Jack Franks brought colleagues to his home town of Marengo Saturday to the hard-to-find new Marengo High School for a reapportionment hearing whose process will be completely controlled by Democrats in the General Assembly and Governor’s Mansion.
To reach the high school, one had to take Franks Road, observed State Rep. Mike Tryon. (He wondered if that “is s a sign that this will be the center of the 63rd (Franks’) District.”)
Not mentioned was that when one enters the auditorium, one walks past a placard saying the performing and fine arts programs are supported by financial contributions of the Franks family.
State Rep. Lou Lang chaired the meeting, which was attended not only by McHenry County residents but people from as far away as Plainfield and Sycamore.
Tryon took the microphone to point out that McHenry County was “fortunate to have two House districts that (were entirely within McHenry County).”
The Republican Party Chairman said he was “hoping that we will have three House seats that will substantially, if not wholly, in McHenry County.”
He asked that county and city boundaries be considered.
He also asked for an ability to see the map, as well as what it is based upon, for a two to three week period prior to passage.
Judy Szilak, President of the McHenry County League of Women Voters testified first, calling for openness and echoing Tryon’s wish for several weeks to contemplate the maps before passage.
Former State Rep. Rosemary Kurtz (R-Crystal Lake) took the microphone in support of a less partisan approach to reapportionment.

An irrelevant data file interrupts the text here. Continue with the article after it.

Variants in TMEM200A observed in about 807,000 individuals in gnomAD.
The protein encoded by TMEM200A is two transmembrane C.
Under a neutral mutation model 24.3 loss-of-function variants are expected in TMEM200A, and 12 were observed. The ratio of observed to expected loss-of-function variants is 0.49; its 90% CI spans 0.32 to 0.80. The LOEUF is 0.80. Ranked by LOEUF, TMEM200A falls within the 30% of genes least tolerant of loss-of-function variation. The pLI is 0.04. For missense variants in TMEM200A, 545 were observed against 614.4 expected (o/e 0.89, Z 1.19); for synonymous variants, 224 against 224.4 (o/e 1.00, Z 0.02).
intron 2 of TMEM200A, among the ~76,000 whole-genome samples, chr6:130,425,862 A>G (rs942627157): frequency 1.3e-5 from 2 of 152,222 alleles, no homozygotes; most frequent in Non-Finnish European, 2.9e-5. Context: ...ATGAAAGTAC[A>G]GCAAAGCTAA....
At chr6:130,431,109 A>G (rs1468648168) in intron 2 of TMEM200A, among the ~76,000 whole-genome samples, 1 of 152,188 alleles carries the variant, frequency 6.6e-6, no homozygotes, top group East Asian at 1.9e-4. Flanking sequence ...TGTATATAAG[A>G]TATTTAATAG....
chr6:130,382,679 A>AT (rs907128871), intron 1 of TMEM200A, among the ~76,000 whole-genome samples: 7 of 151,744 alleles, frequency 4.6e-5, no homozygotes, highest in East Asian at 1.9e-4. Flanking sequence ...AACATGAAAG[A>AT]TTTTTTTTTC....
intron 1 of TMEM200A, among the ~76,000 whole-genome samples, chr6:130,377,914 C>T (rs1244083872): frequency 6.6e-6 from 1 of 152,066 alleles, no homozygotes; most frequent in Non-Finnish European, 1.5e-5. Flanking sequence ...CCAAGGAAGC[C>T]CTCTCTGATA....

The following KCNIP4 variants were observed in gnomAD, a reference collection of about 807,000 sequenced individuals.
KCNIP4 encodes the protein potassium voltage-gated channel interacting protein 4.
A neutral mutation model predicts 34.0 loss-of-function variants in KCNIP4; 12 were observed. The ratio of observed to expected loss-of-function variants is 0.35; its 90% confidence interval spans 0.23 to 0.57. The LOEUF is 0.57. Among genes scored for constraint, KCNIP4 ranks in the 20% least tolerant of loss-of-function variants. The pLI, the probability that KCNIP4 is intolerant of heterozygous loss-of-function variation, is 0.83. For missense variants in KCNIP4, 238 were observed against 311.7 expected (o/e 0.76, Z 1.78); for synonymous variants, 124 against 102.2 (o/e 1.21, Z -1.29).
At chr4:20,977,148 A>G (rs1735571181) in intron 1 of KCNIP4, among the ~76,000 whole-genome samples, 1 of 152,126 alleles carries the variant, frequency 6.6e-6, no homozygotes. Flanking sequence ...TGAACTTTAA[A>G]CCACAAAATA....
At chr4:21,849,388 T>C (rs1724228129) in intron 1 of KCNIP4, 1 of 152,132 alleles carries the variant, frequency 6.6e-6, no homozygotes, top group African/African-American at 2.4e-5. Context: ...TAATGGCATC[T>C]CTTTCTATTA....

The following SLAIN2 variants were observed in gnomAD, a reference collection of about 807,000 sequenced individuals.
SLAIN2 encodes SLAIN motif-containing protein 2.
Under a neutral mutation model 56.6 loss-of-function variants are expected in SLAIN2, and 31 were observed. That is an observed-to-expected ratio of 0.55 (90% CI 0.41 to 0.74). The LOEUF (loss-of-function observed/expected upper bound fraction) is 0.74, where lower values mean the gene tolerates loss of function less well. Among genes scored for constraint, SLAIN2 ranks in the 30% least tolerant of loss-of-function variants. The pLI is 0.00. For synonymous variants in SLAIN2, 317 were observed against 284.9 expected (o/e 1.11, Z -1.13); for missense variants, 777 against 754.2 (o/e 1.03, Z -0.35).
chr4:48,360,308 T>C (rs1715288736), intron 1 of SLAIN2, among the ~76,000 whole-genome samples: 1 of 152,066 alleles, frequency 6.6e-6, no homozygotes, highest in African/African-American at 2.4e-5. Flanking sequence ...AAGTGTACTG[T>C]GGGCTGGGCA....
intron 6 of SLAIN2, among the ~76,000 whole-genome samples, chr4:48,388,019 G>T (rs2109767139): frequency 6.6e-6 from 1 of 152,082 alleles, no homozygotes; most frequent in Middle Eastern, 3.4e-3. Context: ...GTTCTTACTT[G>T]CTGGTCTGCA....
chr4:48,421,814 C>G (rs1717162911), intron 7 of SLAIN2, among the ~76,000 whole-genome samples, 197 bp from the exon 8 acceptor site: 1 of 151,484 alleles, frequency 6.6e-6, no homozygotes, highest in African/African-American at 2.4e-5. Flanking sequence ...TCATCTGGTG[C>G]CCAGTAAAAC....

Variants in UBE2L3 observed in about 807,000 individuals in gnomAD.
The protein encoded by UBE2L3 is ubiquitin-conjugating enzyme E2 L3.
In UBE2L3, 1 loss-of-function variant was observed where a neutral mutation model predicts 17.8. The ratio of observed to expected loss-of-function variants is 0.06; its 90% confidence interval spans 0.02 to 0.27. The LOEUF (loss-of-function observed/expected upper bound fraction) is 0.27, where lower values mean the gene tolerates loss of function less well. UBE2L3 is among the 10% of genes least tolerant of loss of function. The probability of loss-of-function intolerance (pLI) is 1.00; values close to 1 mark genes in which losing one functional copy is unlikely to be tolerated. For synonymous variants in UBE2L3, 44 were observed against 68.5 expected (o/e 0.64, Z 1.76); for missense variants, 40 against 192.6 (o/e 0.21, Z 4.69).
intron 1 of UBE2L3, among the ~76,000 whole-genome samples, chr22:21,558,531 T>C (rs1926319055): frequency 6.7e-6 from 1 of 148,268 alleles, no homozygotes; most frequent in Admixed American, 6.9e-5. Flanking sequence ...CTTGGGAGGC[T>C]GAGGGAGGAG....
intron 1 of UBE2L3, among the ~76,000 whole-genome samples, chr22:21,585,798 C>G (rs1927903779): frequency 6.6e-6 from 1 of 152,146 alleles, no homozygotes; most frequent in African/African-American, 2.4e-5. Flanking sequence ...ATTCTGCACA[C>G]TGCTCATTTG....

McHenry County Board Chairman Ken Koehler was second to speak. He asked a series of questions about whether the public would have two weeks to analyze and comment on the suggested maps, how they will be shown to the public and whether the transcripts would be posted on the internet.
He pointed out that the county had not grown as much as had been expected, but how it was now the sixth largest county in Illinois.
“I would hope that 103,000 (McHenry County residents) would be represented in each of these (three) districts,” Koehler said.
Tryon asked if Lang would answer Koehler’s questions.
“I have no intention of doing that today,” Lang replied.
Just after Janet Silosky, a Republican Precinct Committeeman from Plainfield introduced herself, the lights went out in the auditorium, indeed, in the whole school.
“If this doesn’t tell us something about the process, I don’t know what would,” State Rep. Tim Schmitz (R-St.Charles) observed. [I wonder if that will make it on the transcript.]
The Will County precinct committeeman expressed distrust in the reapportionment process.
“How are we going to get this done in an equitable process?” she asked. “Gerrymandering that goes on will not create a map that is contiguous and compact.
“What difference does it make?”
“It’s already decided,” she continued, mentioning House Speaker Mike Madigan.
“I’ve lived in this state for 50 years and the Democrats have been in control since I was knee high to a grasshopper.”
She commented on the unfairness of Democrats who are going to be running for office knowing what their districts will be already, while challengers are left in the dark.
“I’d like to hear some input from you gentlemen.”
There was none.
McHenry County Board member Mary Donner came next. She read a statement from an indisposed colleague, Tina Hill.